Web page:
Friday links: 50 years of the tragedy of the commons, biostatistical baking, and more

Also this week: low-risk, low-reward publication strategies among women social scientists, whatever happened to 90s environmentalism, Andrew Gelman vs. Judea Pearl, Twitter vs. harassment (but not in the way you think), scholarly disciplines as conversations, and more. Lots of good stuff this week! (for some value of “good” and the usual values of “lots”, “stuff”, and “this week”)

From Jeremy:

The world debates Plan S, the European-backed effort to mandate that all scientific journals immediately switch to author-pays open access.

Ductor et al. (unreviewed preprint) find that women economists and women sociologists consistently have lower research output than men on average by various measures, even after controlling for author experience and subfield. This is associated with gender differences in co-authorship networks: women have fewer but more experienced collaborators than men on average. Ductor et al. interpret their findings as indicating low-risk, low-reward choices by women authors: women are more likely than men to stick with a few experienced collaborators they know well, and to target lower-tier journals. Ductor et al. speculate on various possible explanations for these findings. They focus on the possibility that women are trying to mitigate/avoid the risk (or perceived risk) of receiving gender-biased peer reviews and editorial decisions from leading journals. I’d be curious to see a similar analysis for ecology. (ht @noahpinion)

Science reports data on gender balance in its publication process. The statistical analysis kind of falls in the uncanny valley between data exploration and rigor for me, but the main result is clear enough: women are a minority among first authors of Science papers, but acceptance rates for Science papers first-authored by women and men are pretty similar. Over the last decade, there’s a trend in which acceptance rates for women first authors have gone from slightly lower to slightly higher than those for men. The proportions of women among authors of Perspective pieces, and quote sources in news stories, are growing steadily but still low. All this broadly aligns with similar analyses I’ve seen from other journals, such as Functional Ecology.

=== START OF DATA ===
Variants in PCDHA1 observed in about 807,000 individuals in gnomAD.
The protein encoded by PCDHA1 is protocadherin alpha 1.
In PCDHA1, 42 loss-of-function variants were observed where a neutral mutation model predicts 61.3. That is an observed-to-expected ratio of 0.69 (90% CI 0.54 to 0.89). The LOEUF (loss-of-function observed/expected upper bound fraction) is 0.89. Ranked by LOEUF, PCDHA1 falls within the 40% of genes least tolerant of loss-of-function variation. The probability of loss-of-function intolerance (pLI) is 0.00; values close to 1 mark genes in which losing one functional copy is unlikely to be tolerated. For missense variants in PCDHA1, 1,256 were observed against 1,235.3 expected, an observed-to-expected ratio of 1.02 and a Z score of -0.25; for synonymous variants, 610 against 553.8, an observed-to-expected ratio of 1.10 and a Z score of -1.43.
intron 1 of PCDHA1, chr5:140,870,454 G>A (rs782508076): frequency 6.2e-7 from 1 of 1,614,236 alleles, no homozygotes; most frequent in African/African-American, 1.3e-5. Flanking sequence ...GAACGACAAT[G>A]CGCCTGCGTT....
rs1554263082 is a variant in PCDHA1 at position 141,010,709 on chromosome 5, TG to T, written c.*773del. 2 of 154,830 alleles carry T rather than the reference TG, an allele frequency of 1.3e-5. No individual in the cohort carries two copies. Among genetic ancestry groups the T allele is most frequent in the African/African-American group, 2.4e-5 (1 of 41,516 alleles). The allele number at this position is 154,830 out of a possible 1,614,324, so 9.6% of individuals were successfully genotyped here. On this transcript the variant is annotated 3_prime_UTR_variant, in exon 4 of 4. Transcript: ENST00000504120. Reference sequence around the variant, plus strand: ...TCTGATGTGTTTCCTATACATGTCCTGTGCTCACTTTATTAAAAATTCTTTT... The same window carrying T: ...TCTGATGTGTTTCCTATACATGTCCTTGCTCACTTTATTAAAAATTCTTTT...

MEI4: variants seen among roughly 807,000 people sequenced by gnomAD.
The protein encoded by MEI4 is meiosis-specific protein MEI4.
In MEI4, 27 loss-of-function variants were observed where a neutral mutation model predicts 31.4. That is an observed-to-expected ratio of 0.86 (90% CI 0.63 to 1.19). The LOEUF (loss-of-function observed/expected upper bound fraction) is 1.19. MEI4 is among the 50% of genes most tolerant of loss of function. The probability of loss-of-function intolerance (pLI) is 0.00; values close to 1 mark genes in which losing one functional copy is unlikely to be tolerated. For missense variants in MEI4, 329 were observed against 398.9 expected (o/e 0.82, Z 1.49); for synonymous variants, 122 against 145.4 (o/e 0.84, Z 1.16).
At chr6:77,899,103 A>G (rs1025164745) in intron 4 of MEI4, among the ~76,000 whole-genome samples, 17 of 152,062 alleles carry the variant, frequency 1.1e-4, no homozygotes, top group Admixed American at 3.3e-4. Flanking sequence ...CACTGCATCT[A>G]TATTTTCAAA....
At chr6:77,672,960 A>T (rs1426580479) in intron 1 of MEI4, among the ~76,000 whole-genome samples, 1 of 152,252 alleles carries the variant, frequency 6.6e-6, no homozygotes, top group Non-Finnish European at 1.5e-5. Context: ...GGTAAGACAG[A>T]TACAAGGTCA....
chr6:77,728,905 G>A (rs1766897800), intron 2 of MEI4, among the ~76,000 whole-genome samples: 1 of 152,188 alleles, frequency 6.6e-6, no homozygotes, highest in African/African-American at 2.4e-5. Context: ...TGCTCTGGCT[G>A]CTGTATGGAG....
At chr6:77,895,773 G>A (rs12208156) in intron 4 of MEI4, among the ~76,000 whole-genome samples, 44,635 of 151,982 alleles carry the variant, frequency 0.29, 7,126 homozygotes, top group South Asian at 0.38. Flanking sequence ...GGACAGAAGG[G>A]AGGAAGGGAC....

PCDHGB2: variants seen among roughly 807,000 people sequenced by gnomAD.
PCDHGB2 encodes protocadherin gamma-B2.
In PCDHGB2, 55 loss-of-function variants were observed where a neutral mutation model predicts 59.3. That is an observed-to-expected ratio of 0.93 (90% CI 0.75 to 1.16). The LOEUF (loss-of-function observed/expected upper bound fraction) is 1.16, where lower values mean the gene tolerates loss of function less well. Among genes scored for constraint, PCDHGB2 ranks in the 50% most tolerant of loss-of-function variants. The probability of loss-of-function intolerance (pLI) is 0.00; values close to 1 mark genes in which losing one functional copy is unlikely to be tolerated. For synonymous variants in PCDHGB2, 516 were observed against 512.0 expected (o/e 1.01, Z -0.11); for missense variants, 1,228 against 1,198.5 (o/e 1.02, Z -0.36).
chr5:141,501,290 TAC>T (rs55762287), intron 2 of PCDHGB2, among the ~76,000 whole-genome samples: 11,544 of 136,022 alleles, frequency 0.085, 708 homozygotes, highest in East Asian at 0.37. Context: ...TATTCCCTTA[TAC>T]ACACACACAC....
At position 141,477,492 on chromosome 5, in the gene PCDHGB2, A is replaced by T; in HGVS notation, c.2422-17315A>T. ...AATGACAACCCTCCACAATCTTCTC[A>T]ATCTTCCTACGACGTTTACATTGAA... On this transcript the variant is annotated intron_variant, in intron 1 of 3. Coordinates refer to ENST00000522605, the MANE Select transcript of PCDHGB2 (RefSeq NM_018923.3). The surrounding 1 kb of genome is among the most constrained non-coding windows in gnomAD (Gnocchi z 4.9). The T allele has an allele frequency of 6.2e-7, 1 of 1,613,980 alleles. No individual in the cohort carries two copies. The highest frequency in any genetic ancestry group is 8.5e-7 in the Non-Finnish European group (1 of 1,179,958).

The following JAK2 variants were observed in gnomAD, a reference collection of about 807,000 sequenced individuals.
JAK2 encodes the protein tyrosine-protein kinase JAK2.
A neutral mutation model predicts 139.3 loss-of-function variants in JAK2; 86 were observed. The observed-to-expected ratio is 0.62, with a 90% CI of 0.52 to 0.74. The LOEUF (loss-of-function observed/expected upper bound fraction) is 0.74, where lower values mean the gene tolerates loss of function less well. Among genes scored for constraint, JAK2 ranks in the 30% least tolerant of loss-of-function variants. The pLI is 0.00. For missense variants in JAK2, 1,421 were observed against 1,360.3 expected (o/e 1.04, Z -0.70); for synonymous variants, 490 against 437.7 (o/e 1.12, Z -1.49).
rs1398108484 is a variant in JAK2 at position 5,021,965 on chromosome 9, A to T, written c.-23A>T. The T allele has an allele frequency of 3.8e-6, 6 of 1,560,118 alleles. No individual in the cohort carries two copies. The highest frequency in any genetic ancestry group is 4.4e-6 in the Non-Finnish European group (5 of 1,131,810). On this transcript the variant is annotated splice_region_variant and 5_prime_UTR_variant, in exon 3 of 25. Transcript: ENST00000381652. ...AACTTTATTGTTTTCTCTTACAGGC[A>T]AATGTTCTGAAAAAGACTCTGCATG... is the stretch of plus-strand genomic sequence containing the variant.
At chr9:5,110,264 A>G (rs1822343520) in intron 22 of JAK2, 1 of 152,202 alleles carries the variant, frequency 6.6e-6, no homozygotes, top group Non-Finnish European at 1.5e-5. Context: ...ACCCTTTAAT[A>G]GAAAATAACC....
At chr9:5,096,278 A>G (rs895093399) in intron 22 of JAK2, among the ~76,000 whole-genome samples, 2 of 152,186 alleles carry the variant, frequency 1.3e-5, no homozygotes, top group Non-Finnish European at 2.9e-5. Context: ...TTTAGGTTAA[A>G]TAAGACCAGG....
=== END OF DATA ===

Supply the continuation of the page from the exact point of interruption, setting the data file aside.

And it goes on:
A couple of nuggets on determinants of undergraduate academic success, from a session at the recent ASSA meeting (ht @noahpinion). Both results are from unreviewed preprints which I haven’t read; just passing them along in case you want to dig in yourself. First, in a big randomized experiment, an easy-to-implement, low-cost, scalable way to encourage students to plan ahead and study more got high engagement. Too bad it utterly failed to have any effect on academic performance or retention. Second, there is an easy-to-implement, scalable way to reduce academic performance: let students join fraternities and sororities. (From Meghan:  Paying for the Party, is a book by social scientists who study college culture, finding that the party culture of fraternities and sororities helps maintain inequality. It’s a very depressing, but also important, read.)

UC Irvine professor Kathleen Treseder, who chairs the biology department there, took to Twitter to get UC Irvine to protect her from harassment by Richard Symanski, an instructor in the department. Be warned that the linked article includes disturbing, misogynist passages from Symanski’s self-published autobiography. (ht Small Pond Science)

Andrew Gelman reviews Judea Pearl and Dana Mackenzie’s new book on causal inference. The review is fairly critical. Hoping Jim Grace will chime in with his thoughts, as he’s one ecologist more familiar with Pearl’s ideas than I am.

Kieran Healy on “conversational disciplines“. Here’s the conclusion: